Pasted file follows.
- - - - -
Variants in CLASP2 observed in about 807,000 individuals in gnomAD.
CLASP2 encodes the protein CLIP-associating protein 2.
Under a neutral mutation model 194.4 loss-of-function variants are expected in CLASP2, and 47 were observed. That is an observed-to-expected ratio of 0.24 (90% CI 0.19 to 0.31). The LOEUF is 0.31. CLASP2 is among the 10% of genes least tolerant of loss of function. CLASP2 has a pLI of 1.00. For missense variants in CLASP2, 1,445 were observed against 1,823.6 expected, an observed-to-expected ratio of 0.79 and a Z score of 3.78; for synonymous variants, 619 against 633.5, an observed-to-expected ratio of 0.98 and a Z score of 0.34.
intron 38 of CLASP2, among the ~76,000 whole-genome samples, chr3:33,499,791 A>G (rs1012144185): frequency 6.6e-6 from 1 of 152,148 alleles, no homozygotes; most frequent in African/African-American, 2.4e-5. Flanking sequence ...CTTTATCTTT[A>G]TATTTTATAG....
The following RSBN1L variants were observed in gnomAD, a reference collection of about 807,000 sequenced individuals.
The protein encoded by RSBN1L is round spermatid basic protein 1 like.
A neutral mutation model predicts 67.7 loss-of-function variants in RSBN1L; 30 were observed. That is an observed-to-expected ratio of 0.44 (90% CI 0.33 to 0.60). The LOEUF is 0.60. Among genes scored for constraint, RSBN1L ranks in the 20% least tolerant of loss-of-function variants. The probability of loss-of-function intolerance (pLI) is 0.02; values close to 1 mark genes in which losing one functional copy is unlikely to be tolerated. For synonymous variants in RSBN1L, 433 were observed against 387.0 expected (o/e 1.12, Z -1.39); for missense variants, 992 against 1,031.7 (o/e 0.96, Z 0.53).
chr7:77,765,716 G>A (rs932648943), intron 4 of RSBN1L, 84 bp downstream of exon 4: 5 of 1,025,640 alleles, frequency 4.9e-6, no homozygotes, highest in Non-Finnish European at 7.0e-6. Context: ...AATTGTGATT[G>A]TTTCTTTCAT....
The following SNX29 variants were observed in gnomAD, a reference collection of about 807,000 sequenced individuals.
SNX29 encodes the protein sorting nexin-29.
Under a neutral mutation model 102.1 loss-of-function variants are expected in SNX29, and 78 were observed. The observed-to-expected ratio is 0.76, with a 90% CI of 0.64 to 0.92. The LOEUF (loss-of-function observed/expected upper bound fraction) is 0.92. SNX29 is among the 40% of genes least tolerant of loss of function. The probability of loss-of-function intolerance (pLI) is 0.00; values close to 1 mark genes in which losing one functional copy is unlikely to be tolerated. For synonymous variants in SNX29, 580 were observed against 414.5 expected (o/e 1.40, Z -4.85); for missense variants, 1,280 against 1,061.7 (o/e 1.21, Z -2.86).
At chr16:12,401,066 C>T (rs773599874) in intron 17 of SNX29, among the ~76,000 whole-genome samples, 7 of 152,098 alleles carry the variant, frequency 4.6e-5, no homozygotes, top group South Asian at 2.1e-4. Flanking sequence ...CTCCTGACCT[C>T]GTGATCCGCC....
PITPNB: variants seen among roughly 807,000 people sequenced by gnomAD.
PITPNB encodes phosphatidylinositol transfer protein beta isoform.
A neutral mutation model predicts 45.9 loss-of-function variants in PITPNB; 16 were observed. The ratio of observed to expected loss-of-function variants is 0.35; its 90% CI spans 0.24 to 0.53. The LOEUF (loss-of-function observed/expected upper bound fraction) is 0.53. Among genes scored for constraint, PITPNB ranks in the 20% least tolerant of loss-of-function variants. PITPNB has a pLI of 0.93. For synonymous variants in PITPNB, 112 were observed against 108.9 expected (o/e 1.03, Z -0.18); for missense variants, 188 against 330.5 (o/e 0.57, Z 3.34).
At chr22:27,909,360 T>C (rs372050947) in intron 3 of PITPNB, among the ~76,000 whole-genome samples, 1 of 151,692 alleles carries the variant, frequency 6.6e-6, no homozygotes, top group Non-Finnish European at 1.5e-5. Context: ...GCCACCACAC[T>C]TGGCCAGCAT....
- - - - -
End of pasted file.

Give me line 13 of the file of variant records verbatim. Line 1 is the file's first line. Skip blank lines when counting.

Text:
PITPNB: variants seen among roughly 807,000 people sequenced by gnomAD.